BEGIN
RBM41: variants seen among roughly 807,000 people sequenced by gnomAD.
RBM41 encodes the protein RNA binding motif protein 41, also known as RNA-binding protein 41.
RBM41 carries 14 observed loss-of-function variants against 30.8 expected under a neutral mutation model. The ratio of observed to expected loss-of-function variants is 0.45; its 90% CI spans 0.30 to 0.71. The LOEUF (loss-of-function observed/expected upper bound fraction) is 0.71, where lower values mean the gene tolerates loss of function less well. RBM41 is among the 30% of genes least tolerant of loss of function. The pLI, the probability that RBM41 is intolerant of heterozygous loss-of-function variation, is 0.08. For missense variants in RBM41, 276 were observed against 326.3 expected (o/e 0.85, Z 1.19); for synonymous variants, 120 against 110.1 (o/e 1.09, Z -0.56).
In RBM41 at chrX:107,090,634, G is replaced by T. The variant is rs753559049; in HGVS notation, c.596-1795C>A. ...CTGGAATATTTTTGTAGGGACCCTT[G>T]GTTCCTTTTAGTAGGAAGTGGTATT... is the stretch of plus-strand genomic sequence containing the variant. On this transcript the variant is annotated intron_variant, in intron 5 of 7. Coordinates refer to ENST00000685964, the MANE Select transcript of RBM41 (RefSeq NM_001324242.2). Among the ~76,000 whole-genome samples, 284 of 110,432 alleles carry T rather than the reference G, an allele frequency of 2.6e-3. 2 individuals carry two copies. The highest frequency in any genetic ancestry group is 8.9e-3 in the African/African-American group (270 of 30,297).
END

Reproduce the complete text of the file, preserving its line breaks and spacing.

RBM41: variants seen among roughly 807,000 people sequenced by gnomAD.
RBM41 encodes the protein RNA binding motif protein 41, also known as RNA-binding protein 41.
RBM41 carries 14 observed loss-of-function variants against 30.8 expected under a neutral mutation model. The ratio of observed to expected loss-of-function variants is 0.45; its 90% CI spans 0.30 to 0.71. The LOEUF (loss-of-function observed/expected upper bound fraction) is 0.71, where lower values mean the gene tolerates loss of function less well. RBM41 is among the 30% of genes least tolerant of loss of function. The pLI, the probability that RBM41 is intolerant of heterozygous loss-of-function variation, is 0.08. For missense variants in RBM41, 276 were observed against 326.3 expected (o/e 0.85, Z 1.19); for synonymous variants, 120 against 110.1 (o/e 1.09, Z -0.56).
In RBM41 at chrX:107,090,634, G is replaced by T. The variant is rs753559049; in HGVS notation, c.596-1795C>A. ...CTGGAATATTTTTGTAGGGACCCTT[G>T]GTTCCTTTTAGTAGGAAGTGGTATT... is the stretch of plus-strand genomic sequence containing the variant. On this transcript the variant is annotated intron_variant, in intron 5 of 7. Coordinates refer to ENST00000685964, the MANE Select transcript of RBM41 (RefSeq NM_001324242.2). Among the ~76,000 whole-genome samples, 284 of 110,432 alleles carry T rather than the reference G, an allele frequency of 2.6e-3. 2 individuals carry two copies. The highest frequency in any genetic ancestry group is 8.9e-3 in the African/African-American group (270 of 30,297).